today 31 Oct 2017
access_time 12 minutes to read
It was a day like any other, scrolling through random tech articles while I
wait for support requests to come through. That’s how I stumbled across the
canvas tag new to HTML5. That’s when everything clicked, the gears started
turning faster and faster. I’d found an idea, and not just any idea, a great
After a couple days I had a prototype, you can check it out here. If you’re on a phone you may have noticed that it didn’t work at all! That’s because I developed this before I had a touch screen smart phone, I had a Nokia E72.
This was the first ever image I got to save to the filesystem using PHP to convert the base64 encoded image into a PNG.
After about a month I finally got my first smart phone with a touch screen, it was the beautiful HTC Incredible S and I got to work getting my software to work on it. Within a week I had it drawing on the phone, albeit way zoomed out and unusable, but the proof of concept had been completed!
With the proof of concept done I set about trying to come up with a name, now I admit, I ain’t the most creative person in the world so this will be a pretty short section.
Basically, I like ducks and I was building an oekaki. Yeah, I just combined quack and oekaki into oeQuacki because I like ducks. It’s just that simple.
I thought if it ever got popular my mascot would be some sort of duck artist because I thought that would be cute.
Now I’m going to spend the next few sections poking fun at my old code and demonstrating what not to do.
Now, I obviously didn’t realise I could dynamically add/remove classes because I have code like this for enabling and disabling transition effects.
God damn did I love whitespace too.
Although, very inconsistently because just below it is this.
The things I’m not so fond of would have to be the sheer amount of whitespace,
functions that do maybe a little too much, the fact that I didn’t use
DOMContentLoaded, and that it’s all in two files instead of only 1
class per file.
Here is where shit gets ugly, if you’re squeamish I’d suggest just skipping to the next section.
For instance, this is the how I save a single
Let me step you through this behemoth. The first thing I do is check whether or not this has already been favourited, this bit is fine, a bit verbose but fine since I’m not using an ORM of any kind.
Now things get a bit strange, I grab the image
one query, the next I grab the… hang on, what the hell. Do I pass in the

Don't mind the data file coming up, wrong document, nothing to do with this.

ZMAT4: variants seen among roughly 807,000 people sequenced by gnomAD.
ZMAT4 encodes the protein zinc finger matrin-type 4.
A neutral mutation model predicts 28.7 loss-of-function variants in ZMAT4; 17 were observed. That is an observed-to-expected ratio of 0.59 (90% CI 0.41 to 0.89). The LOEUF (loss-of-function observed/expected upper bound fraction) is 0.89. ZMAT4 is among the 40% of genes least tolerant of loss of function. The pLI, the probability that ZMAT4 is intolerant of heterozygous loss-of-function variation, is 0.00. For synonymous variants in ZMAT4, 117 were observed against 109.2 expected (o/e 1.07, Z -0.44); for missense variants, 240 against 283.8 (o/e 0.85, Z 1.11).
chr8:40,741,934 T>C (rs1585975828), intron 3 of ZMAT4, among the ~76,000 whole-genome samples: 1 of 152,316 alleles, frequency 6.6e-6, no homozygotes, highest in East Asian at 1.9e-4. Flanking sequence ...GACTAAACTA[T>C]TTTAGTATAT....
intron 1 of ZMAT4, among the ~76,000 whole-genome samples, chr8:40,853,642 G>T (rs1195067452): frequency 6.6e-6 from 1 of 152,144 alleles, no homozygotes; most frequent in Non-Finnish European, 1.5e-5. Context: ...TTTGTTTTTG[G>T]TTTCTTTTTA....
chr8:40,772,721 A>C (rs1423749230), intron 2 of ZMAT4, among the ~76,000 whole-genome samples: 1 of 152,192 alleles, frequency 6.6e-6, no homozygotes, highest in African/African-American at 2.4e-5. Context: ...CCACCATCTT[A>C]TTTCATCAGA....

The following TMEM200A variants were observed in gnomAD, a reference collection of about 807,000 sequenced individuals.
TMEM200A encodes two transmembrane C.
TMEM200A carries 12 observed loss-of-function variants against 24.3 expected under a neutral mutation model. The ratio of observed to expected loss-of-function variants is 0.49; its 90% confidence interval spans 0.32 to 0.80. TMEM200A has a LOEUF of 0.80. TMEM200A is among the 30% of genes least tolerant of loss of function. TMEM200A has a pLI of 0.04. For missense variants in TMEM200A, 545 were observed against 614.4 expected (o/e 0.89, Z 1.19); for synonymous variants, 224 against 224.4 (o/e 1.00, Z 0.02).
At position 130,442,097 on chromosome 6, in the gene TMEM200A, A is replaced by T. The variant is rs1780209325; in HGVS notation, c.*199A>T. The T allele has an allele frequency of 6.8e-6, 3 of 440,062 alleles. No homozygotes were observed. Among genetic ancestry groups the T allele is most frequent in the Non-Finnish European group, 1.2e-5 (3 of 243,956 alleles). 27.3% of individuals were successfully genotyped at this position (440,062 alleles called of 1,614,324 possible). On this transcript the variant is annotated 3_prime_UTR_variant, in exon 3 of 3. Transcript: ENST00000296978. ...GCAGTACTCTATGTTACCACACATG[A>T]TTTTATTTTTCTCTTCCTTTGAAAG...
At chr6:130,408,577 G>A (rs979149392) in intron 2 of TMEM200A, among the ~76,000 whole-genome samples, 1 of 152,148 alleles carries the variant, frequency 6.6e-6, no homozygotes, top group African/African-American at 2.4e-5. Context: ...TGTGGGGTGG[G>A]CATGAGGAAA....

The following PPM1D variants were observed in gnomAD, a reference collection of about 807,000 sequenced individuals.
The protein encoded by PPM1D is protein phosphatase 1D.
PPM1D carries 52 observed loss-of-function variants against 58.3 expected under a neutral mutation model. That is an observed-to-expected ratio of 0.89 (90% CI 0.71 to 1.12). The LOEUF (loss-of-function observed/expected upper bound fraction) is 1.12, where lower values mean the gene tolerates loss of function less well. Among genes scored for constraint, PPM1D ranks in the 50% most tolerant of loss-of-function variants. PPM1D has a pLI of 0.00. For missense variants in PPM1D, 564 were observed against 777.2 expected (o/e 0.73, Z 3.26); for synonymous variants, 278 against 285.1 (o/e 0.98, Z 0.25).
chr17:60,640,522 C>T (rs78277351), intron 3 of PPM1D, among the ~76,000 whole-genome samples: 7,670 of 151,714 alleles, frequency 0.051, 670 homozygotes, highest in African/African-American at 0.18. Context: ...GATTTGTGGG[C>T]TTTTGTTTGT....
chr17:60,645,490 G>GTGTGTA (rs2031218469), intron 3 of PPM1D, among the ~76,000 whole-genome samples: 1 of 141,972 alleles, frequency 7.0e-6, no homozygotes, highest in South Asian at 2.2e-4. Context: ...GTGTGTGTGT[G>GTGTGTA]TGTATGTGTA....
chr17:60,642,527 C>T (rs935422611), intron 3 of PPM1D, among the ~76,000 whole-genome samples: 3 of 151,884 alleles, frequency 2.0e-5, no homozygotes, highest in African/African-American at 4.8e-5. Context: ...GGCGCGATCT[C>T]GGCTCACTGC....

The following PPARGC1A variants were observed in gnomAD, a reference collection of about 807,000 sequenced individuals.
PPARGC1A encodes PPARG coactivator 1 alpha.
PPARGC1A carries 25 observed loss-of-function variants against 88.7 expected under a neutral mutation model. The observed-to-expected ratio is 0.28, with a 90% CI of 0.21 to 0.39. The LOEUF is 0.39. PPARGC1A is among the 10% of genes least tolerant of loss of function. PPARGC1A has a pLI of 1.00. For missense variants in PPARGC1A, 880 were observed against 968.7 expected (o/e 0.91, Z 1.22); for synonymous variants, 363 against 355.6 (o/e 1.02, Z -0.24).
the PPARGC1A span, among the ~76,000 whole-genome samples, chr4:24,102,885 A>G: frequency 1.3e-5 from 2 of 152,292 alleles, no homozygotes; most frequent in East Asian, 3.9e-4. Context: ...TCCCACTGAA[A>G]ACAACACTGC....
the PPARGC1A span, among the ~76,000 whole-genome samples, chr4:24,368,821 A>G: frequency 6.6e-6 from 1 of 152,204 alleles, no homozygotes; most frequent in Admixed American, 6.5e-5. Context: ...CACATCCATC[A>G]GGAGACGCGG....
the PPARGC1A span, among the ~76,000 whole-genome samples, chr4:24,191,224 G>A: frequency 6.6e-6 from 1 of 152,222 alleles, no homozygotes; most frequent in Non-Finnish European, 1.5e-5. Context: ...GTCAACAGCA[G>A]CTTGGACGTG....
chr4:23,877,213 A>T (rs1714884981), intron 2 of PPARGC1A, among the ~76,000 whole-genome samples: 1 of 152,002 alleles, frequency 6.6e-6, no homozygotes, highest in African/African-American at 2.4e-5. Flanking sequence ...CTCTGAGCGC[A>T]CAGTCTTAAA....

currently logged in user or the author of the image?
It really looks like in the first query I’m checking for my favourites, but
then I get the author using the same
UserID. Shit, it’s the logged in user.
So I guess I always save the logged in user as the author of the favourite, I guess I didn’t display that anywhere or I’d probably have noticed!
Alrighty, I guess I just found a bug for real! Ah whatever, it was supposed to
name of the author. Now we grab the thread and post
id. The last
query there saves it all into the database!
So what’s so bad about all that? Well, assuming I actually wanted a de-normalised database like that (spoilers, you don’t) I could have gotten all of that data with a single query using a couple of joins.
Which brings me to my next point, my database is terribly normalised, you saw
above how I save the author’s
name instead of their
id and using a join to
get all the data back out when viewing. If I had let users update their
I would have had to run two update queries, one for the user and one on the
favourites table. That’s very inefficient and error prone.
The rest of my SQL pretty much follows that pattern and lots of N+1. Pretty terrible and I could definitely have achieved much nicer even without an ORM.
Honestly it’s not great, but I’m not entirely sure how I’d make it better. I really never learnt PHP proper after this project, I moved onto Rails and my life was a lot better.
It’s filled with stuff like this though which I would definitely change to just take a parameter these days.
You can check out the finished product here here, just note that porting it into MaterializeCSS has broken how it works on mobiles, that’s not the fault of MaterializeCSS but of my janky phone code that relied on some very naive assumptions. It does work a treat on desktop though, so do give it a try there!
The last thing I’ll leave you with is my recording that shows off the features of oeQuacki that I put very little effort into. I really should have done a couple more takes, written a script, and cut it into logical segments.
But it gives you a good idea of how my site looked when I launched it and how it all worked in action. You honestly wouldn’t know how terribly it’s built from using it!